Except that the outed individual's privacy has been invaded, and we treasure our privacy.  The nightmare of couples therapy has begun.

And the therapist watches the victim of this emotional abuse (yes, that's what it is) sink into the sofa, crest-fallen and ashamed.  The words that should be said,

"How could you do this?  How could you embarrass me this way?"

are never said.  That would be an admission of the truth.  Rather, the betrayed captures the doctor's eyes.  Help me.  The therapist has made a mistake, has let this happen. It all happened on her watch.

The blurter, meanwhile, is relieved.

In the remaining minutes of the visit we discuss  more
Therapy I Ching basics, this time with feeling.

One is thrown into a furnace for embarrassing another.

But if you can't embarrass someone, how can you assign blame?  Someone has to be to blame.  But wait. Let's approach that scientically.

Cause and effect, what social scientists refer to as linearity is a Western concept based upon statistical associations.  The whole of behaviorism is about pairing measurable variables (behaviors), fitting those straight lines on a graph.  Cause --> effect.  The very purpose of scientific inquiry is to find causes, and when we find them, we publish! 

It is up to someone else to seek out the cause of the cause, causes of the causes.

For there is a cause for a cause, and a cause for a cause for a cause, etc. The effect is a cause, too, and if we construct our theory wisely, we can test to see if the effect ultimately causes the cause, closing the feedback loop. No beginning, no end, impossible to assign blame.  A chicken/egg thing. This is eastern thinking, by the way.

Take a look at what happened before The Blurt.  Make the symptom gambling.

The couple had a discussion the night before. They have had many discussions about gambling. In one of these, the non-gambler has told the gambler that she will leave him if he doesn't stop.

She has said this before, but threatening him only makes him gamble more.  He doesn't want her to leave him and he thinks that if he wins, she will forgive him, love him, stay.  She has given signals that she likes it when he provides for her and winnings provide.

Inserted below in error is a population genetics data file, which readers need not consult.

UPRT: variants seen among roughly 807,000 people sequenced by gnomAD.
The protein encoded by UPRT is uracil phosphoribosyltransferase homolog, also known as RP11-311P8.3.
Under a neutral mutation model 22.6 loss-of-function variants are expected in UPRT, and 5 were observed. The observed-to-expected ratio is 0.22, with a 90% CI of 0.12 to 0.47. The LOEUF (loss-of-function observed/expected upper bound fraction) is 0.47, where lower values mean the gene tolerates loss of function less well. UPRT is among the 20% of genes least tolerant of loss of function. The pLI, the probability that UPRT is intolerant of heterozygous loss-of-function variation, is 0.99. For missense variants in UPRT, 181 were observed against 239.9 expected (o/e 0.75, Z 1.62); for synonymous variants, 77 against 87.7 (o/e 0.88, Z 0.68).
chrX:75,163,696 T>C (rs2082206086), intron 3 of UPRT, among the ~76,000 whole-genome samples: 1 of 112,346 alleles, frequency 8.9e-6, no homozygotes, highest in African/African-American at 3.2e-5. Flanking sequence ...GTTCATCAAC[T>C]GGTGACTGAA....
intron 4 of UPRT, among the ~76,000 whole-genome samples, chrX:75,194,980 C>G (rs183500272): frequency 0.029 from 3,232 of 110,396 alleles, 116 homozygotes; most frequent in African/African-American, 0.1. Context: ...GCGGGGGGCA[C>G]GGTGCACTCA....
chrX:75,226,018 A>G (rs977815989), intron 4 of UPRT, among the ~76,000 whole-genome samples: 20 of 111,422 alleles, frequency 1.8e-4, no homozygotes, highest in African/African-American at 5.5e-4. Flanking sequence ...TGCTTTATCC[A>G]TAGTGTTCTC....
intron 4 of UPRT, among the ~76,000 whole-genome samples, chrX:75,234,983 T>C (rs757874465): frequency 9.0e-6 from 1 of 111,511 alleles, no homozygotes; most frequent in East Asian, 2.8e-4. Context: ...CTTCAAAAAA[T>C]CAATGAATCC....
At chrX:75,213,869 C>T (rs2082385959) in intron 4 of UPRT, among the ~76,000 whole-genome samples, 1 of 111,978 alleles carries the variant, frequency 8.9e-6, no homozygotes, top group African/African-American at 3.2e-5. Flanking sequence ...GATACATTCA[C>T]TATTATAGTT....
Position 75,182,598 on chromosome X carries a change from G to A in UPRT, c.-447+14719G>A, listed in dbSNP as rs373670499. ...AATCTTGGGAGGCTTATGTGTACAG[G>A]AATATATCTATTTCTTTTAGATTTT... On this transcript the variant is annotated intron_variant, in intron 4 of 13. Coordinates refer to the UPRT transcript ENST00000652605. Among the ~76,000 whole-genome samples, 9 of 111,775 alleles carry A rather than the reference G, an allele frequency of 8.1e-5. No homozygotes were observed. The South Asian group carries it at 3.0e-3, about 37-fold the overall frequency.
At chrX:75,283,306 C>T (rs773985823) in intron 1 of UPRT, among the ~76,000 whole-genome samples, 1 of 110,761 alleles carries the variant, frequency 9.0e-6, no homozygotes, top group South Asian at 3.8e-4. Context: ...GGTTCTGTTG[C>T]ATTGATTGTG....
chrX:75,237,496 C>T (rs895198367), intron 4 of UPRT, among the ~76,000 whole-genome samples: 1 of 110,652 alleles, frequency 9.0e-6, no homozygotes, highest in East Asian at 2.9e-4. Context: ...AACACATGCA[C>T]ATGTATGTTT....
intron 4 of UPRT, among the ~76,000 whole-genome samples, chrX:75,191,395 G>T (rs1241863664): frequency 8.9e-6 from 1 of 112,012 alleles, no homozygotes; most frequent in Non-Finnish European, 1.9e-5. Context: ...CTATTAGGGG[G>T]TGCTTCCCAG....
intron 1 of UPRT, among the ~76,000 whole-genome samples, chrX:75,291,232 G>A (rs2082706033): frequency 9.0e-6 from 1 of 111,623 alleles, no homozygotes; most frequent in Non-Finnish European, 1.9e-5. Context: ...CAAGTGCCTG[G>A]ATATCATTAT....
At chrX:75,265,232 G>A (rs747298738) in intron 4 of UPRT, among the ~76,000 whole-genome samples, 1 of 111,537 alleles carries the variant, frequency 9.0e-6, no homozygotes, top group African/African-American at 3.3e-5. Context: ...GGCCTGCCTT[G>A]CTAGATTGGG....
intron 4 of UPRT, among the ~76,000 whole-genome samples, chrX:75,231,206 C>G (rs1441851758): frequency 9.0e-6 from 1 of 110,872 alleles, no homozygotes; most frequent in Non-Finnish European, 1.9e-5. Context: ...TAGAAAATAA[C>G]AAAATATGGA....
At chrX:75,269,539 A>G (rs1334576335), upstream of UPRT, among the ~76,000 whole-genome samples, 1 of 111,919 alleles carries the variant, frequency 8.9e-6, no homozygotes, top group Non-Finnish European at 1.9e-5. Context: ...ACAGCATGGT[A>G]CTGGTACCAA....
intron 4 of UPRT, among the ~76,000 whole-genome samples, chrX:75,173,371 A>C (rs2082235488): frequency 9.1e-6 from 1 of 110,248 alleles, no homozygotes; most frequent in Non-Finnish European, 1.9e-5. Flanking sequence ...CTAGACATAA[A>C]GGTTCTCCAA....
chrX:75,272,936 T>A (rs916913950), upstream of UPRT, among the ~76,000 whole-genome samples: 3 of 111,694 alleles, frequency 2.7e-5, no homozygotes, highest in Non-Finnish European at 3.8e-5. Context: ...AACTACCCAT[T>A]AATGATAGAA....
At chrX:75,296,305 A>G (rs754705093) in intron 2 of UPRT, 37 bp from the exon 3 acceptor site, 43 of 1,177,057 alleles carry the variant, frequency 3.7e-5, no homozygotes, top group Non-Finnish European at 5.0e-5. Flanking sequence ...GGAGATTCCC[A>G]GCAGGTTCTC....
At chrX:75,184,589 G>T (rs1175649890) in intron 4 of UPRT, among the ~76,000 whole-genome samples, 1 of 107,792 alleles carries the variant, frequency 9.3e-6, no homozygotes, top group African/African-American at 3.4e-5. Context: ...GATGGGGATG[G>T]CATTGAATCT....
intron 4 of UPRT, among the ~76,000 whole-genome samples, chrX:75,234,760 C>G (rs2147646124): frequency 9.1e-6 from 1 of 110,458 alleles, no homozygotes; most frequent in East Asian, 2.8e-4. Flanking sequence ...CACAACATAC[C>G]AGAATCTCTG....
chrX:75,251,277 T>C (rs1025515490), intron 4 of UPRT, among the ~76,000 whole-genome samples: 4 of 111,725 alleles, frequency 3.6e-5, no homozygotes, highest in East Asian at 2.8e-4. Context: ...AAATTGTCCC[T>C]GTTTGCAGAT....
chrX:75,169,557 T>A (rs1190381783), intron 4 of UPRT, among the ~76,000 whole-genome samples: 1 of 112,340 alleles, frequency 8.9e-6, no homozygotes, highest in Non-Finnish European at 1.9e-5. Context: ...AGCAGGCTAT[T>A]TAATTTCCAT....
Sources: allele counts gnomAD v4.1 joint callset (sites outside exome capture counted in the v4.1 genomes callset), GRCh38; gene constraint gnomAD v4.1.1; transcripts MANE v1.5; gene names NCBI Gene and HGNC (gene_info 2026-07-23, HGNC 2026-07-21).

So he's just gambling to be her hero. He does it for her. Doing so increases the odds that she'll leave, but he's a gambler and denial is the nature of the disease.

She doesn't want to leave is the truth.  And she is worried that we won't get to the real issue, which she thinks is his gambling.  So without the blurt, the therapy won't work.  He won't change, and she really will have to go. So she takes matters into her own hands.  She blurts. 

We could intervene anywhere. No need to blame anyone. It is their love, their desire to survive, that matters.

I think people blurt because the pain is so palpable, so disturbing, that it has to go somewhere.  In individual therapy spilling secrets is safe, alone in a room with a professional sworn to confidentiality. There is well-deserved trust on the operating table.
It has to be earned--(Poster in the Merchandise Mart)

But in couples therapy, talking about a "character deficit" is embarrassing, so the secret is deliberately shielded for awhile. We therapists take it slow.  Most people aren't in 12-Step programs, aren't comfortable discussing personal issues with total strangers.  But the long-suffering partner is sick of the deficit, so she blurts. Can't help it, the girl can't help it.

There are other reasons people blurt. The kid in school who blurts out an answer wants attention, admiration from the teacher. But here, it is about being sure the therapist knows her job, knows what she is supposed to do.   

Fix him (her).  Please!  I have had enough!  At the end of my rope. . . fed up . . .can't stand it anymore. . . I can't do it.

Another quote from The Therapy I Ching:
Therapists don't change anyone.

People change when they see the value of change, when they understand why change is desirable, and have a blueprint, directions as to how to go about it. 

The Brown Line to Downtown
I'm on the train, headset on, waiting for a patient to call me.  A song starts, out of nowhere, usually annoying, but it's  Fix You, by Cold Play.  Always gives me chills, that song.

* The only thing about The Therapy I Ching (copyright therapydoc, obviously, 2011) that is similar to the real I Ching is that both books are books of change.